Research on sport for youth development not reaching those who need it, study shows
Canadian-led research establishing that youth sport should be about building the whole person and not just the athlete needs to be more accessible if it is to find its way into the programming of the nation's highest sport bodies, according to a new University of Alberta study.
"Research projects led by researchers across Canada have been producing some of the best findings in how to make youth sport a better place for kids," said Kurtis Pankow, who is completing a Ph.D. in positive youth development through sport. "But we found sport associations weren't using it. That was when Nick (Holt, his supervisor) took a step back, reached out to other researchers and said, 'I think we have to do something about this.'"
The research that was missing the mark, Pankow said, revolves around the idea that sport should be used to develop better people.
He explained that traditionally, sport and youth programs have looked at kids as problems to be fixed as opposed to strengths to be developed.
"The whole field of positive youth development arose from the idea that problem-free doesn't mean fully prepared."
And with almost 80 per cent of Canadian youth participating in some form of sport, Pankow adds sport is a really good venue to help prepare kids for the rest of their life.
"Whether you're using research strategies or not, you have to be conscious that that is something you're trying to do," he said.
Research getting lost in translation
To examine barriers, opportunities and preferred communication strategies to better deliver youth sport, Pankow interviewed executive or technical directors from 19 national sport organizations.
"What we found was publishing something in a journal and expecting people to go find it, probably unsurprisingly, isn't really good enough," he said. "That's not something that they're getting paid to do, and most organizations don't have money to pay someone to do that."
Even if research made it to an administrator's desk, Pankow said, finding the time to understand and interpret it might be asking too much.
"Executives were saying, 'OK, this is a great study done with parents and tennis, but what does this mean for hockey?'" said Pankow. "They are not always sure how the research translates across sports."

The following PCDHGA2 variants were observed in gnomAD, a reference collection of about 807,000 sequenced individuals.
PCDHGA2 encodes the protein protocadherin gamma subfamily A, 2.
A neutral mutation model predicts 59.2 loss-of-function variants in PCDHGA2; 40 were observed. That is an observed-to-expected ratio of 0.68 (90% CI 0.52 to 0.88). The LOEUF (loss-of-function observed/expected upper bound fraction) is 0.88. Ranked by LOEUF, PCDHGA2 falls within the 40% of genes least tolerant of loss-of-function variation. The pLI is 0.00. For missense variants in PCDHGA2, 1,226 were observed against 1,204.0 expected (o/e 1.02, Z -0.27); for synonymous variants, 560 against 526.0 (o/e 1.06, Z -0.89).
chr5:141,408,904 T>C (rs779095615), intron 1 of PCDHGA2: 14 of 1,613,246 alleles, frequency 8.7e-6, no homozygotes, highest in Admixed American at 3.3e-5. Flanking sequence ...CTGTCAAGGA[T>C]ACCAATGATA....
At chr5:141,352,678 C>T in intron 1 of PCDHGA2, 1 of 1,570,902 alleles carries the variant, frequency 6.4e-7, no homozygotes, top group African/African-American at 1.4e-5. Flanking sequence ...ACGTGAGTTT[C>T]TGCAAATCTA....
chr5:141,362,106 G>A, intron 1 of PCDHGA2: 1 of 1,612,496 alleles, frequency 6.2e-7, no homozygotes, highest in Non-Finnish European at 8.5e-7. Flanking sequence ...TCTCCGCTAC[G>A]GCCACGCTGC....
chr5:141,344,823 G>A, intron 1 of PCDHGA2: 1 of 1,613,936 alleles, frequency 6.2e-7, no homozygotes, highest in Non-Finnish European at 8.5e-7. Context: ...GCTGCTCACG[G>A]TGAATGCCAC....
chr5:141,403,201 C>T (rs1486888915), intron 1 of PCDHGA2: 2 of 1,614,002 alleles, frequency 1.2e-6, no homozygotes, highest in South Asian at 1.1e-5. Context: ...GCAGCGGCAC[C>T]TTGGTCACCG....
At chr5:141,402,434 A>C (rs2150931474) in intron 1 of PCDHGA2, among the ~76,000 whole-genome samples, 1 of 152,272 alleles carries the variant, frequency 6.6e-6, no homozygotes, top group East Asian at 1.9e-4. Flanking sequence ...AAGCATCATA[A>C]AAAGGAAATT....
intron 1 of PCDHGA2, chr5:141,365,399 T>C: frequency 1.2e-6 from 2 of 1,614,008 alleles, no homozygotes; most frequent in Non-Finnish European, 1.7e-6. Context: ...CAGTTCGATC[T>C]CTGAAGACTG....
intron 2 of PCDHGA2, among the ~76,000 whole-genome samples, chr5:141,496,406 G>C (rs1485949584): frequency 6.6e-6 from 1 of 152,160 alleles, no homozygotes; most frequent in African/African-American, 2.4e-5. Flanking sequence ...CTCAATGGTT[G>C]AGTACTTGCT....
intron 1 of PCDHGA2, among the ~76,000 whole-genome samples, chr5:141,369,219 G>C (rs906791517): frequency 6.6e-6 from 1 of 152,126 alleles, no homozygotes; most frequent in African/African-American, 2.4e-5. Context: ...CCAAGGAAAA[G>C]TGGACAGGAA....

Making evidence accessible
One recommendation on how to get best practices buy-in from the top sporting bodies, according to Pankow, is developing partnerships.
"Actually having a connection between researchers and organizations seems to be a really big part for them in terms of making this research more accessible," he said.
Another finding related to accessibility was use of social media.
"They told us, 'If you can package something in a way that we can retweet and don't have to change, that will make it way easier for us to share it.'"
Suspecting something was already being lost in translation, Holt's working group fired up various social media accounts (including @PYDSportNET on Twitter) in the winter of 2016 and started creating infographics and videos to better disseminate the research findings.
The first to implement some of the strategies from the study was Golf Canada, which partnered with Holt's colleagues at the University of Ottawa to piece together a golf in schools life skills program.
Locally, the U of A Golden Bears football team is now incorporating Holt's life skills work with the youth flag football program it runs.
Pankow said the format is based on a program Holt and former grad student Kacey Neely first introduced to some inner-city schools where a life skill forms the outline for learning a physical skill.
For example, coaches of a flag football team would use an athletic skill like receiving a pass to help illustrate the importance of a life skill like communication.
"We know that good things don't just happen in sport, so for good things to happen—like developing good people—you have to be intentional in what you're trying to do, and your behaviours have to reflect that."